We estimated the number of pikas currently occupying a site by summing the number of home ranges containing at least one fresh sign (i.e., fresh haypile, call, or sighting of an animal). Occupancy was either 0 or 1 in each HR. However, when extended across all HRs within a talus patch, this becomes a ratio that approximates abundance as the percent of a talus patch that is currently pika-occupied (i.e., Occupants/HR). Fresh scat was not used to calculate Occupants because of the inconsistent ability of observers to unequivocally classify fecal pellets as old vs. fresh (e.g., see [80]). Although fresh haypiles are the best evidence of an ‘active’ or currently occupied territory, how ubiquitously they are employed varies dramatically across the species’ range [45,69,70], thus including calls and pika sightings as signs of current occupancy is a more comprehensive and widely applicable approach. We acknowledge that we may have occasionally encountered sightings and vocalizations from an animal outside its normal HR, and thus had rare occasions of double-counting. Conversely, we likely failed to detect some individuals (most commonly juveniles) that neither vocalized, created a haypile, nor were surface-active during our surveys. Given these challenges encountered with HR estimation and pika sign enumeration, and because home-range size may differ across fine-scale and especially across coarse-scale gradients, we consider our metrics proxy estimations of actual animal abundance. Although Occupant/HR and ID/HR represent fractions of the estimated number of home ranges in a patch (or a portion of a patch) with this year’s (current) or recent (longer-term) pika occupancy, respectively, these approximate the relative abundance of O. princeps. Because this method is intended to provide a rapid-assessment approach to determine relative abundance, we will refer to the Occupants/HR and ID/HR metrics simply as “current abundance”, “longer-term abundance”, or (when referring to both measures) “abundance”, throughout the rest of this study.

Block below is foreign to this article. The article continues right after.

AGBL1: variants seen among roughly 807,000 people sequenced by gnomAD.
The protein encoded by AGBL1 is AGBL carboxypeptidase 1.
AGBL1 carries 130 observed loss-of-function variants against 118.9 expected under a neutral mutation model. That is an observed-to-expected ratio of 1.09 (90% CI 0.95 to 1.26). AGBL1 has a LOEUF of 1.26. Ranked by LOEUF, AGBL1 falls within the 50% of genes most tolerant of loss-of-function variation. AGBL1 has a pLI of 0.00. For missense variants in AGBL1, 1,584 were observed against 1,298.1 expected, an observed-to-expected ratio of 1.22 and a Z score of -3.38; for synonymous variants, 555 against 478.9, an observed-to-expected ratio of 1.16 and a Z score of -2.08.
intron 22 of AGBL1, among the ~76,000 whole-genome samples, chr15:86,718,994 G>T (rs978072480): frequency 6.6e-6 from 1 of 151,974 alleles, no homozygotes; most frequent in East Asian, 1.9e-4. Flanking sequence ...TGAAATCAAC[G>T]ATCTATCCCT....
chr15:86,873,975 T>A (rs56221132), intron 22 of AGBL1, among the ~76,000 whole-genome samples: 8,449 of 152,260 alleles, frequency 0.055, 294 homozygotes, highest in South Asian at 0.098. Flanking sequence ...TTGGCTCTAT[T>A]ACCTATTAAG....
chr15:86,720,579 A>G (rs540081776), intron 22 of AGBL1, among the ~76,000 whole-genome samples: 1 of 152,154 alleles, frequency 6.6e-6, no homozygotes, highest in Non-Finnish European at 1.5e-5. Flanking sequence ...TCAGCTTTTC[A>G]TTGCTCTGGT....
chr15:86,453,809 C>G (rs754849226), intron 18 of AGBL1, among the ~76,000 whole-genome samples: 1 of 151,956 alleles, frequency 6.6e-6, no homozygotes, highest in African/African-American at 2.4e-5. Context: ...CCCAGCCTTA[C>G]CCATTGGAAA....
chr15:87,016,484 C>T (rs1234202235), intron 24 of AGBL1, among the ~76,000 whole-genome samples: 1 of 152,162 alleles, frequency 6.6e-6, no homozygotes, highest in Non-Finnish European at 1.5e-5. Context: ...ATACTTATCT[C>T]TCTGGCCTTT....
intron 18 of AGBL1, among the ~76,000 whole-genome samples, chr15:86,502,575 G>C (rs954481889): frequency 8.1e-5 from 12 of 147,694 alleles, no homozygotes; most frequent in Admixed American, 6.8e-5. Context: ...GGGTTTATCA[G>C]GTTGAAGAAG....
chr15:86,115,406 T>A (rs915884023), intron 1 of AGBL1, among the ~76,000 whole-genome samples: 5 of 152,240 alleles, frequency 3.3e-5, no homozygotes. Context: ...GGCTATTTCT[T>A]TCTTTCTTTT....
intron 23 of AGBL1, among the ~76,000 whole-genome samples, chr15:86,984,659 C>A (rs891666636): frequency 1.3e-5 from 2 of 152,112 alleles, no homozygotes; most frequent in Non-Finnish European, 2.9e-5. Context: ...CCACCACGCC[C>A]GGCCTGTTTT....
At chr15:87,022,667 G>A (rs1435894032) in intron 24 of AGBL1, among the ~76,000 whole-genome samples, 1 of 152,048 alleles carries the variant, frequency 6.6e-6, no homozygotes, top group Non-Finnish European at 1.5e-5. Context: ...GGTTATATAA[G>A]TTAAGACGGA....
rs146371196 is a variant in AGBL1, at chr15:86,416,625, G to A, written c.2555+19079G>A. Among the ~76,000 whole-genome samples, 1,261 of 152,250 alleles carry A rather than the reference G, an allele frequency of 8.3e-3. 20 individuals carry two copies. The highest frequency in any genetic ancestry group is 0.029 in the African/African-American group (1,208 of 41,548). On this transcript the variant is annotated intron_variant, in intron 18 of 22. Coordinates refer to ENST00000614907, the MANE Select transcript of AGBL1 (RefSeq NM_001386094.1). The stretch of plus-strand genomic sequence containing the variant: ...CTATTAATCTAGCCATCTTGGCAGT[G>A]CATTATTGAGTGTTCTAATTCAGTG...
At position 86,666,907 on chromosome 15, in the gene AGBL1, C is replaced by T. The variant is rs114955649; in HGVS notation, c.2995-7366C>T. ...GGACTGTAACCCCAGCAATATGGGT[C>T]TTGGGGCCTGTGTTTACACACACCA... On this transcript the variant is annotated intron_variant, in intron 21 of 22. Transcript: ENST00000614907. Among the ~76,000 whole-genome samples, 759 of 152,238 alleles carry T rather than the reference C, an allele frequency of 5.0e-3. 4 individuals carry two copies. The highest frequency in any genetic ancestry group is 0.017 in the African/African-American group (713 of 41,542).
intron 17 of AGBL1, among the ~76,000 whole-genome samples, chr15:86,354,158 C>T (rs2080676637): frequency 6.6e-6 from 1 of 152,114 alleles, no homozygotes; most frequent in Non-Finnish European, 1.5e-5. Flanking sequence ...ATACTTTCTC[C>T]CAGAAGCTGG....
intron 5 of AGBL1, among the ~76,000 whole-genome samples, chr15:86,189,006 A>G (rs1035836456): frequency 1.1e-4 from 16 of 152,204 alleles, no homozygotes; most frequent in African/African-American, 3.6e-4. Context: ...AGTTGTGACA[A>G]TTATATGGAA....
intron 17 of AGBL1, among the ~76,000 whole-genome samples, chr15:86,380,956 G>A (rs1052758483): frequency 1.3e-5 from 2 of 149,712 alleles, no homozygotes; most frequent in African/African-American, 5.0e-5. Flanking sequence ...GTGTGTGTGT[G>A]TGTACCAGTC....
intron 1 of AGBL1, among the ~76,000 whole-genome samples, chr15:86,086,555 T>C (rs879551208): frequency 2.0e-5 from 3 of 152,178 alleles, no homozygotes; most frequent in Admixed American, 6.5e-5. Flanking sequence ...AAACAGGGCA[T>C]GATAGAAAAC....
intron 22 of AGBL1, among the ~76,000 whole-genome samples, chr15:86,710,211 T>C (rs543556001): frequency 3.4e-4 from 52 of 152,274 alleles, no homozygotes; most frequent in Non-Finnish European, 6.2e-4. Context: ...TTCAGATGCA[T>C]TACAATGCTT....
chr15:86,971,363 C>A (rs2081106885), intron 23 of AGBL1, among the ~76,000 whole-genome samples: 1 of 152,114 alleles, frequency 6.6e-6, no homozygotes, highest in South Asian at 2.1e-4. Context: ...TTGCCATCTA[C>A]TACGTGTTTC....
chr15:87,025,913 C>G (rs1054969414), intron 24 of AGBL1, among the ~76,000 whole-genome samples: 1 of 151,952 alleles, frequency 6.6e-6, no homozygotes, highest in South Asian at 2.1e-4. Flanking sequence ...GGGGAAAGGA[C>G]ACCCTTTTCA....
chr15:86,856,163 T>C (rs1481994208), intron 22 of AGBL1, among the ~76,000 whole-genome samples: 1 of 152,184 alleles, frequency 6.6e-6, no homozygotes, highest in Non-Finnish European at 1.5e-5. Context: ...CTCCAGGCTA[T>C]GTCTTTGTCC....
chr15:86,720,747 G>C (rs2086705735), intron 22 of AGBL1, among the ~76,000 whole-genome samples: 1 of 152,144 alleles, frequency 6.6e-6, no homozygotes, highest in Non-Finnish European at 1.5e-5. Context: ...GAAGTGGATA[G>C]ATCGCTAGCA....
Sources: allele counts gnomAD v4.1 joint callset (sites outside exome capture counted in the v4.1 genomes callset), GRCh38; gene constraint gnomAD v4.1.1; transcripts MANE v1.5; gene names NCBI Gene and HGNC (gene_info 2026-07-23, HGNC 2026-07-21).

Search techniques and effort necessarily differ between direct and indirect signs. The detection of ‘indirect’ signs (haypiles and scat) requires focused searches at or below the surface of the talus, whereas the ‘direct’ (visual or aural) detection of individuals may occur at any time during the site survey. Search effort for indirect signs was quantified as the time spent specifically searching for hay and scat, and effort for direct signs as the total time spent at the survey site, which also includes time spent conducting vegetation transects.